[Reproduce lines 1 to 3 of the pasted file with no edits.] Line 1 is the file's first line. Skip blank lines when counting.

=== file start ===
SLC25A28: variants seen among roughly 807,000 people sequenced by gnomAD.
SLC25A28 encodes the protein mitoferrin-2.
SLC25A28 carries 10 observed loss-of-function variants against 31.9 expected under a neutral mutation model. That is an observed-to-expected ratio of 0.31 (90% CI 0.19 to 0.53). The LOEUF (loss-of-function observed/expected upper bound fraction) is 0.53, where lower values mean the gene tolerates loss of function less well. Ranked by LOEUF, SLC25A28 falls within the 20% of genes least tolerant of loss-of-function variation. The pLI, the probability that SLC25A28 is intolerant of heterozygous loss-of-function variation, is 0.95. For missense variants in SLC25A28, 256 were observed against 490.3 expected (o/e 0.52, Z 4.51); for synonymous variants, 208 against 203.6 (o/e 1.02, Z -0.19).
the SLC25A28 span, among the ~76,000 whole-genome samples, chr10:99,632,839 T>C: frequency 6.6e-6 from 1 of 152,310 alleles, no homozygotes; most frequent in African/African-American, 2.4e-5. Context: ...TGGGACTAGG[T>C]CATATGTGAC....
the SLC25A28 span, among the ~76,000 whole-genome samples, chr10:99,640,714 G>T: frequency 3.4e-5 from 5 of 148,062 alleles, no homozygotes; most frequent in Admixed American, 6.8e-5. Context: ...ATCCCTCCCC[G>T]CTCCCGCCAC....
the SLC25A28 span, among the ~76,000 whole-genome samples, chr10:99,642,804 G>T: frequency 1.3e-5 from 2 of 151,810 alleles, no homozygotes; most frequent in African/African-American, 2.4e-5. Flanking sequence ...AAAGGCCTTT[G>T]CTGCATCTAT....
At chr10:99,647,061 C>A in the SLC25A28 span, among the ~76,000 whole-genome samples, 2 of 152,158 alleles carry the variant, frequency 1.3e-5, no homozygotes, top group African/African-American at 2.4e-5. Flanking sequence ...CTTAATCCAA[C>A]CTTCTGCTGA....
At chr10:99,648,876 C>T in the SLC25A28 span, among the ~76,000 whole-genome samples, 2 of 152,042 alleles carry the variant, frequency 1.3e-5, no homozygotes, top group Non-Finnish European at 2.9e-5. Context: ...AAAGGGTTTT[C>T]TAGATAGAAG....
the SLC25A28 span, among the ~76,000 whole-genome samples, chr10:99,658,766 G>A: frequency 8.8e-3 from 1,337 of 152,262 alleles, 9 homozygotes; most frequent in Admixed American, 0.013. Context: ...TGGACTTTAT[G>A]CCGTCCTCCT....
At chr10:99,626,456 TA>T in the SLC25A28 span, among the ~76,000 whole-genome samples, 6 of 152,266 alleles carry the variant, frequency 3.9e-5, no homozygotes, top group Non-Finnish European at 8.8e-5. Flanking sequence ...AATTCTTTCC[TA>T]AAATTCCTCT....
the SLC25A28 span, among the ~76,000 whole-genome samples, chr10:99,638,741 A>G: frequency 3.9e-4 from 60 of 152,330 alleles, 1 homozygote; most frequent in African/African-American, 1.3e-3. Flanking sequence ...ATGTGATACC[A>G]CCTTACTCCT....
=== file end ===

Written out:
SLC25A28: variants seen among roughly 807,000 people sequenced by gnomAD.
SLC25A28 encodes the protein mitoferrin-2.
SLC25A28 carries 10 observed loss-of-function variants against 31.9 expected under a neutral mutation model. That is an observed-to-expected ratio of 0.31 (90% CI 0.19 to 0.53). The LOEUF (loss-of-function observed/expected upper bound fraction) is 0.53, where lower values mean the gene tolerates loss of function less well. Ranked by LOEUF, SLC25A28 falls within the 20% of genes least tolerant of loss-of-function variation. The pLI, the probability that SLC25A28 is intolerant of heterozygous loss-of-function variation, is 0.95. For missense variants in SLC25A28, 256 were observed against 490.3 expected (o/e 0.52, Z 4.51); for synonymous variants, 208 against 203.6 (o/e 1.02, Z -0.19).